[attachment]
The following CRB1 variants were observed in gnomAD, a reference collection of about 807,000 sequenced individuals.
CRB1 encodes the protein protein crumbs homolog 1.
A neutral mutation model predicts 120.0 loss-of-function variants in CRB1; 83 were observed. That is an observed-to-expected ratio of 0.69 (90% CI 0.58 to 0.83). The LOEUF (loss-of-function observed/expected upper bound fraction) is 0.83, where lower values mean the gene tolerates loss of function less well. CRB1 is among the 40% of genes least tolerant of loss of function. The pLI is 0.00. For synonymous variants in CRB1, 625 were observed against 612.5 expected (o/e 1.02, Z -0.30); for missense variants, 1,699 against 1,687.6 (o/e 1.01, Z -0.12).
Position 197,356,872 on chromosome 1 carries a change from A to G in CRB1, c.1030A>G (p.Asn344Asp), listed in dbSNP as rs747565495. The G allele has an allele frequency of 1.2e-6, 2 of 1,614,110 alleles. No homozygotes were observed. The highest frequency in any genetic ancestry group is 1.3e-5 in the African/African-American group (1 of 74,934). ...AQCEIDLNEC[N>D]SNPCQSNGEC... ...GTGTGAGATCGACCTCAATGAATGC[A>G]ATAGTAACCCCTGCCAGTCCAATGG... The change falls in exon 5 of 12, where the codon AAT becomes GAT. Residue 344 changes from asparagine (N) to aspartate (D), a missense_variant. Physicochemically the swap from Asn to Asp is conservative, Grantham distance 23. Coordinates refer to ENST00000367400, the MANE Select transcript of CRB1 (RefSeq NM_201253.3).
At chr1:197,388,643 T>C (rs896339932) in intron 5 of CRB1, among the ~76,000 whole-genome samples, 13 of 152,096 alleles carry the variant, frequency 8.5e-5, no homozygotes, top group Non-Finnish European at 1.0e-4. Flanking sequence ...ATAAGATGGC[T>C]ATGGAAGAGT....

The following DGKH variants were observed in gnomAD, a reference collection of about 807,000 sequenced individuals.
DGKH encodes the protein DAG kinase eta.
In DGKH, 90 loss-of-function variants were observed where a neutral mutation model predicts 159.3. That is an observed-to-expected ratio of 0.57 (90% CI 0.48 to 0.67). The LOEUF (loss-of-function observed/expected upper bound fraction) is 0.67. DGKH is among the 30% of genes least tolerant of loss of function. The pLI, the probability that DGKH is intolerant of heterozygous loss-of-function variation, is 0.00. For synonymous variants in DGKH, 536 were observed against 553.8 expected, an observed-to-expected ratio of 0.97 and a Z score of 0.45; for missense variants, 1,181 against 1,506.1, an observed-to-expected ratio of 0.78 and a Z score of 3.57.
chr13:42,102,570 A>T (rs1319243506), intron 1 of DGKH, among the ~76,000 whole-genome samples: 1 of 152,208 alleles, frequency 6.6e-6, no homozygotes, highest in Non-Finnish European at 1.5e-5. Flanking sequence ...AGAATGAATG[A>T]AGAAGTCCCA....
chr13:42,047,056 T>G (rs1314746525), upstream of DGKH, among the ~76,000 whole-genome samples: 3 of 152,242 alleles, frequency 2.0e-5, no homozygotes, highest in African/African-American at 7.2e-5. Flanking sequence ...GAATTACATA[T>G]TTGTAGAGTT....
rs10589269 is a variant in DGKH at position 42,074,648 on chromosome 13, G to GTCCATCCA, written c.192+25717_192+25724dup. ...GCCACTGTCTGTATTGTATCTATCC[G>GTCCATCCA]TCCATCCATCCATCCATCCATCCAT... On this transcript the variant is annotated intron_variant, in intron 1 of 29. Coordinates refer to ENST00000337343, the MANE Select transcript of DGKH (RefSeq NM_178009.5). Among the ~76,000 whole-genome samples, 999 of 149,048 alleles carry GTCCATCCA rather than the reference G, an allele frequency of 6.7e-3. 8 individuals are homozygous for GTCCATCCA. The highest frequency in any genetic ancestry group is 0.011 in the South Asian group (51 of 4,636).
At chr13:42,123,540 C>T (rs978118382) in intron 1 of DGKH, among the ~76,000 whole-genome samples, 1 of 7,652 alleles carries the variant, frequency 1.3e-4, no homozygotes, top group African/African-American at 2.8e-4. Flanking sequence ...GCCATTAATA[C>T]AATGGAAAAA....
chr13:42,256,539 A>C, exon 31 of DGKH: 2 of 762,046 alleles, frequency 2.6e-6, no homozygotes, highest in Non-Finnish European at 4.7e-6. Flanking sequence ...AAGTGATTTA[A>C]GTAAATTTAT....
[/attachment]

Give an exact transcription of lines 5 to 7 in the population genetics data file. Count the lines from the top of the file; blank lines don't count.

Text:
At chr1:197,388,643 T>C (rs896339932) in intron 5 of CRB1, among the ~76,000 whole-genome samples, 13 of 152,096 alleles carry the variant, frequency 8.5e-5, no homozygotes, top group Non-Finnish European at 1.0e-4. Flanking sequence ...ATAAGATGGC[T>C]ATGGAAGAGT....

The following DGKH variants were observed in gnomAD, a reference collection of about 807,000 sequenced individuals.
DGKH encodes the protein DAG kinase eta.